Date of Award


Degree Type


Degree Name

Doctor of Philosophy (PhD)



First Advisor

Lyneé Lewis Gaillet

Second Advisor

Ashley Holmes

Third Advisor

George Pullman


When the Accreditation board for Engineering and Technology (ABET) implemented Engineering Criteria 2000 (EC2000), the new accreditation criteria prompted a distinct shift in technical writing pedagogy, specifically in technical communication classes at universities that require technical writing classes as part of their engineering curriculum. The changes in technical writing classes were made primarily in response to criterion g of ABET’s Criteria for Accrediting Engineering Programs: graduating student must possess “an ability to communicate effectively,” especially since engineering curriculum often require a single technical writing class to meet the needs of criterion g.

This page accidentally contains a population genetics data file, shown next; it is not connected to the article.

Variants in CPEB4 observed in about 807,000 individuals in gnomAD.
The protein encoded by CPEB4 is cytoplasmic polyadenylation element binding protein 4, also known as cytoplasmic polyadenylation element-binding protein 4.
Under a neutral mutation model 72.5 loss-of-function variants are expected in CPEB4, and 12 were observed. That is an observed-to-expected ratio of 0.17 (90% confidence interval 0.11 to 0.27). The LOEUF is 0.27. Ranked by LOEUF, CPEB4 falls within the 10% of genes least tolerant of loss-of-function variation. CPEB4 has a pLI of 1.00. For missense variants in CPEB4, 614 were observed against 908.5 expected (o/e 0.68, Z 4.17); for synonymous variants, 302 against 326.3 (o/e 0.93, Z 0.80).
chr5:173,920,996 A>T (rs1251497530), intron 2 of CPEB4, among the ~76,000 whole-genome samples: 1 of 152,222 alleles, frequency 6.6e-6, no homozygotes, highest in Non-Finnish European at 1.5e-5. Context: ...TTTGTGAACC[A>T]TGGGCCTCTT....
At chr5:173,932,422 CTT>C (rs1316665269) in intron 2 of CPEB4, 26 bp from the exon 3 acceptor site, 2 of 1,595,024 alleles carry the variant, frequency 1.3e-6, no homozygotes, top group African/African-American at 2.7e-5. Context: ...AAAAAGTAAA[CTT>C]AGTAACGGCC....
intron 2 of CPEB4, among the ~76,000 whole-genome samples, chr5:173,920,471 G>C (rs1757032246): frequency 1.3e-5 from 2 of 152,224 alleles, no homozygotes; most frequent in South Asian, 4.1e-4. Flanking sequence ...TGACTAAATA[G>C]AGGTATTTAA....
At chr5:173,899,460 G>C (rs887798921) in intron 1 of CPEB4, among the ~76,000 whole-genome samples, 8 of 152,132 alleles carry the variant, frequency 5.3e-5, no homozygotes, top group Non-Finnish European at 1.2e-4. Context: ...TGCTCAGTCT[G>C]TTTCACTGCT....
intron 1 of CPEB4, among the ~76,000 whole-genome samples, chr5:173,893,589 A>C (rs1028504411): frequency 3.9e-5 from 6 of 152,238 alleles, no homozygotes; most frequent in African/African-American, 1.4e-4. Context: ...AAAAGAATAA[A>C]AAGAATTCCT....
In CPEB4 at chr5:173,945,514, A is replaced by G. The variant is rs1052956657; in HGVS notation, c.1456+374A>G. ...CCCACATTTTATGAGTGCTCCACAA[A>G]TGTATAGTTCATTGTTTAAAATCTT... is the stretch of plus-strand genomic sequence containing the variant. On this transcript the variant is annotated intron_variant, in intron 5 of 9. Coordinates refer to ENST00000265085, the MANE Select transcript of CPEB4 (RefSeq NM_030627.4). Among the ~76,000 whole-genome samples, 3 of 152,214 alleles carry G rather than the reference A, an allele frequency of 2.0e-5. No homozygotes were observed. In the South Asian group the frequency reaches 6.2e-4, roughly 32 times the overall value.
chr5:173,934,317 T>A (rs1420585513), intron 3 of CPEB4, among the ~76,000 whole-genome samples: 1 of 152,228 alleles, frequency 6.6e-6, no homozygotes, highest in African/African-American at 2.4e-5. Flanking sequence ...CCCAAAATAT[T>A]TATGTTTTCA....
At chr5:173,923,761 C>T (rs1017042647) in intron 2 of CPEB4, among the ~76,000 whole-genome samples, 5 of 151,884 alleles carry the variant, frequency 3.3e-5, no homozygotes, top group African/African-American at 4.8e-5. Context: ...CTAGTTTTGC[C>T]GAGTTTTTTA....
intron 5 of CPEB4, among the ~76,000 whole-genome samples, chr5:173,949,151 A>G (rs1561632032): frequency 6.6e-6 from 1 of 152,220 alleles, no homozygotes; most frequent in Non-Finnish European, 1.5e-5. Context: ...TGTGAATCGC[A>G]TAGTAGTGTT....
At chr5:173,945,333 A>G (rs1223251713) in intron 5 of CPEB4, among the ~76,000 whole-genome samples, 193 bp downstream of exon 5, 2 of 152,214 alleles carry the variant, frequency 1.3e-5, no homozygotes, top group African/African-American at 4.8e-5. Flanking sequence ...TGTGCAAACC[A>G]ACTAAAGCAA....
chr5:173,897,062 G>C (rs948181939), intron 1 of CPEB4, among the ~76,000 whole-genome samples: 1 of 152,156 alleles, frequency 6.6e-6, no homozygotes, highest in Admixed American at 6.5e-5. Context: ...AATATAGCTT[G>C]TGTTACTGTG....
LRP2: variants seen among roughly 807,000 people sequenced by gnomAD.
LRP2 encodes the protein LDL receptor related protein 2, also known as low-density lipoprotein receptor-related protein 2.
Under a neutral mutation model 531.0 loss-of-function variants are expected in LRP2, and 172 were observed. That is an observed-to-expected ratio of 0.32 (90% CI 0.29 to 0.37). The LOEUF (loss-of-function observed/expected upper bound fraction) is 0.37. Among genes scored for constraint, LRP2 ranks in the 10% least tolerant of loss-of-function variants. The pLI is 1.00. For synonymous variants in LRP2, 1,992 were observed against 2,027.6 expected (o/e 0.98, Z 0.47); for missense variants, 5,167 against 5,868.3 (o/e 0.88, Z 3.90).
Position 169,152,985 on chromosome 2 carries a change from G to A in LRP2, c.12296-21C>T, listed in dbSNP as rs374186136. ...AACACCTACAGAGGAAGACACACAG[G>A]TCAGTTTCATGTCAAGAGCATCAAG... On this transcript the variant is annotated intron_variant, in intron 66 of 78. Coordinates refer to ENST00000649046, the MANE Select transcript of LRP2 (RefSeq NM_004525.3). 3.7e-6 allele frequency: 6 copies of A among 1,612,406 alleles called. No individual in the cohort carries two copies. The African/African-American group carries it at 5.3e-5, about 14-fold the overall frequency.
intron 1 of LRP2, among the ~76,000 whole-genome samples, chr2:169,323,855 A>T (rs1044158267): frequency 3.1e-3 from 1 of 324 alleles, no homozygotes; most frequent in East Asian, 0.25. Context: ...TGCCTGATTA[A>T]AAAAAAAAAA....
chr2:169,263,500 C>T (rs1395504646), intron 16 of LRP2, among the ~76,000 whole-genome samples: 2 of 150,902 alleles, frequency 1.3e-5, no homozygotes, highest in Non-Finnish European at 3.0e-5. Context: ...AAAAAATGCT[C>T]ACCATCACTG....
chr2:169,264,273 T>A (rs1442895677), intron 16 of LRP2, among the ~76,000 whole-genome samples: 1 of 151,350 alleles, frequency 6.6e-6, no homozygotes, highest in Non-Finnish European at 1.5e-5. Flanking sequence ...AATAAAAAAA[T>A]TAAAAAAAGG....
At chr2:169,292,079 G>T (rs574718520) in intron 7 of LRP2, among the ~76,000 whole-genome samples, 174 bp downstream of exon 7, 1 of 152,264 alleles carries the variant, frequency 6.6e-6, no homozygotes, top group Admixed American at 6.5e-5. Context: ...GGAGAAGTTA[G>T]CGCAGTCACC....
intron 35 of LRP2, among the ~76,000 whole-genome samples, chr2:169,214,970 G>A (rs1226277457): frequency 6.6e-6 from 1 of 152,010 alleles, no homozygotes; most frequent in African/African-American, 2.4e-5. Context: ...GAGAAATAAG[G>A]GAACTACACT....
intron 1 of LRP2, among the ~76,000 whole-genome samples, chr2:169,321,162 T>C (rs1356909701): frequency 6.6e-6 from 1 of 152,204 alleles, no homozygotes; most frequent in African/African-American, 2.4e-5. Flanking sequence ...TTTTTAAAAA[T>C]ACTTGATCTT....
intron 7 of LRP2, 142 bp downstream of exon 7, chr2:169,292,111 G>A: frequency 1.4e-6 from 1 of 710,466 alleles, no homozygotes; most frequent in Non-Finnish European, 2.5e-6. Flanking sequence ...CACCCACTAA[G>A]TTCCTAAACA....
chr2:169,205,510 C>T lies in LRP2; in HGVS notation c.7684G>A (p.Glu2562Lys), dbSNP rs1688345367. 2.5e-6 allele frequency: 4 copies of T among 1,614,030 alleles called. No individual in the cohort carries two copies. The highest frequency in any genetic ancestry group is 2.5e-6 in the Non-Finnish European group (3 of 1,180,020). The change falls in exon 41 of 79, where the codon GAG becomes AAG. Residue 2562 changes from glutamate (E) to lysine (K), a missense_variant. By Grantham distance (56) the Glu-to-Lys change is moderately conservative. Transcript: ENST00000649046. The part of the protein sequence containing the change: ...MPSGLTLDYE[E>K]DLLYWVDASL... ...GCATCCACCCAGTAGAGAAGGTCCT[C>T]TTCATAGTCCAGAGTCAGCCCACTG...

This study explores the connection between the technical writing classroom and professional engineering to determine how well technical writing classes prepare engineers for the writing demands of their future careers and to identify changes that can be made to better prepare students for their future jobs. Data was collected from instructors of technical writing classes to determine the instructors’ views of the time engineers spend reading and writing specific documents, the types of documents instructors require in their classes, and the criterion used for evaluation. The findings indicate that overall, instructors have a clear understanding of the reading and writing requirements of professional engineers. However, the study also finds that instructors do not require assignments that parallel professional engineering requirements. To help better prepare engineering students for the writing requirements of their selected profession, instructors should work to find sample documents that parallel professional engineering and should incorporate reading and analysis of those documents in technical writing classes.